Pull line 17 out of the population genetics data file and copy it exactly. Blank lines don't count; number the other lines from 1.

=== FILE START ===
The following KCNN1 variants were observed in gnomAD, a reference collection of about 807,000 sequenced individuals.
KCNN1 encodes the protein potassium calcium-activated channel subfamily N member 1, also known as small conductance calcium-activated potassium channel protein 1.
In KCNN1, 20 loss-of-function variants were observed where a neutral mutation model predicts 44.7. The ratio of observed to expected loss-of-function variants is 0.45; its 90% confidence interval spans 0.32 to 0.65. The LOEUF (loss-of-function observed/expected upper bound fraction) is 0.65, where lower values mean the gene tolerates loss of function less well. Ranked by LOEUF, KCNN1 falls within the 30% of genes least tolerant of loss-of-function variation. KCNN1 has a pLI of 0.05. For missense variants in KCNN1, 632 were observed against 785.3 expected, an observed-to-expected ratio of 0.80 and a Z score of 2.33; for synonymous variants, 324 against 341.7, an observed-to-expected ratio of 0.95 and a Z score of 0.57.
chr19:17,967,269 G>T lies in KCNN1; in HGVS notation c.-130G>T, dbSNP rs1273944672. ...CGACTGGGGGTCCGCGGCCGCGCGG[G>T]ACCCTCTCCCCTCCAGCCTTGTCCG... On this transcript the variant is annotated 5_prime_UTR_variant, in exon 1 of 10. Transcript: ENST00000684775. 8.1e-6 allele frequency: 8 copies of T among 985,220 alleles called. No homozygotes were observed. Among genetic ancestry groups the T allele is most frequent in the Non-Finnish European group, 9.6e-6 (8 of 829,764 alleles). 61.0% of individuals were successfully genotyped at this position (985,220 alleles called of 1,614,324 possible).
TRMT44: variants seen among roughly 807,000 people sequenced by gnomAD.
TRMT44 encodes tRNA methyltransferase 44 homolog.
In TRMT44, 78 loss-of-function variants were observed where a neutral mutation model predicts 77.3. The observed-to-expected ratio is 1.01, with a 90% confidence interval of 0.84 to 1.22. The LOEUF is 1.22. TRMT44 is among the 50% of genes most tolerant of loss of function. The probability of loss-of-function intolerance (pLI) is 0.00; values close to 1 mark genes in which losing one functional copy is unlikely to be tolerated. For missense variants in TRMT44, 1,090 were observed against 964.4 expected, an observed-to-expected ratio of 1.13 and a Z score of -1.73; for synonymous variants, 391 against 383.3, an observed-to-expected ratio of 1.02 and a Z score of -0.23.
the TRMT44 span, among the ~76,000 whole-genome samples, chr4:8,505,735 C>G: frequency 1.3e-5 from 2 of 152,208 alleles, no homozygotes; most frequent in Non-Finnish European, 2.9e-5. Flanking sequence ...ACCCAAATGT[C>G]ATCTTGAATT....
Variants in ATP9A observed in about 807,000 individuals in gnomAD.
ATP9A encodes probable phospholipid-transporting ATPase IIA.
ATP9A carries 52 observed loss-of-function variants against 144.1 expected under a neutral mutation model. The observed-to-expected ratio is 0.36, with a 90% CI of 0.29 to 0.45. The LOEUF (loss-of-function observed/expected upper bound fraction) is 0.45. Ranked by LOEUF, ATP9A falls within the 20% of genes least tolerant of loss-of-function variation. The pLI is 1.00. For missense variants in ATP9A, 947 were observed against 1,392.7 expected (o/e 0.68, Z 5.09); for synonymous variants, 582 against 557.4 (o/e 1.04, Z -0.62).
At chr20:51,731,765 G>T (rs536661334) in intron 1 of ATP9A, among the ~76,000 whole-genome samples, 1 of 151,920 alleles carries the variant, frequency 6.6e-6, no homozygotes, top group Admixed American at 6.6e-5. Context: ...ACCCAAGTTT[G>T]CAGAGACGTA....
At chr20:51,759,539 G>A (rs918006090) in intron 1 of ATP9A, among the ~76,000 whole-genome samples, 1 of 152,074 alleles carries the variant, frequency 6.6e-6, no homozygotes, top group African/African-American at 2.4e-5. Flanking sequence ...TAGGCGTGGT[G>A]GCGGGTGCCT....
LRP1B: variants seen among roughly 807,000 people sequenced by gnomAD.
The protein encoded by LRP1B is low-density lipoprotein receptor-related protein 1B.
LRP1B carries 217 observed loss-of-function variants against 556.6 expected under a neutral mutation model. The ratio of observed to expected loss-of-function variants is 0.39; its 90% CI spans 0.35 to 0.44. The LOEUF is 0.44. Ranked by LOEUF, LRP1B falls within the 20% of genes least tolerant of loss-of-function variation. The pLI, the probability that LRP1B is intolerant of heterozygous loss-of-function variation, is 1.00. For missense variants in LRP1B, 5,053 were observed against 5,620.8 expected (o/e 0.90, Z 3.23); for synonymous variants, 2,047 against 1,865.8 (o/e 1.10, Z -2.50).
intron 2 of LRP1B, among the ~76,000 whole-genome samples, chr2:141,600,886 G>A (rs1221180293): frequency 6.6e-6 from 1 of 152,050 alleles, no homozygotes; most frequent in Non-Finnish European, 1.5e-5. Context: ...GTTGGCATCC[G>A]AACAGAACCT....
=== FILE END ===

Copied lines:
intron 2 of LRP1B, among the ~76,000 whole-genome samples, chr2:141,600,886 G>A (rs1221180293): frequency 6.6e-6 from 1 of 152,050 alleles, no homozygotes; most frequent in Non-Finnish European, 1.5e-5. Context: ...GTTGGCATCC[G>A]AACAGAACCT....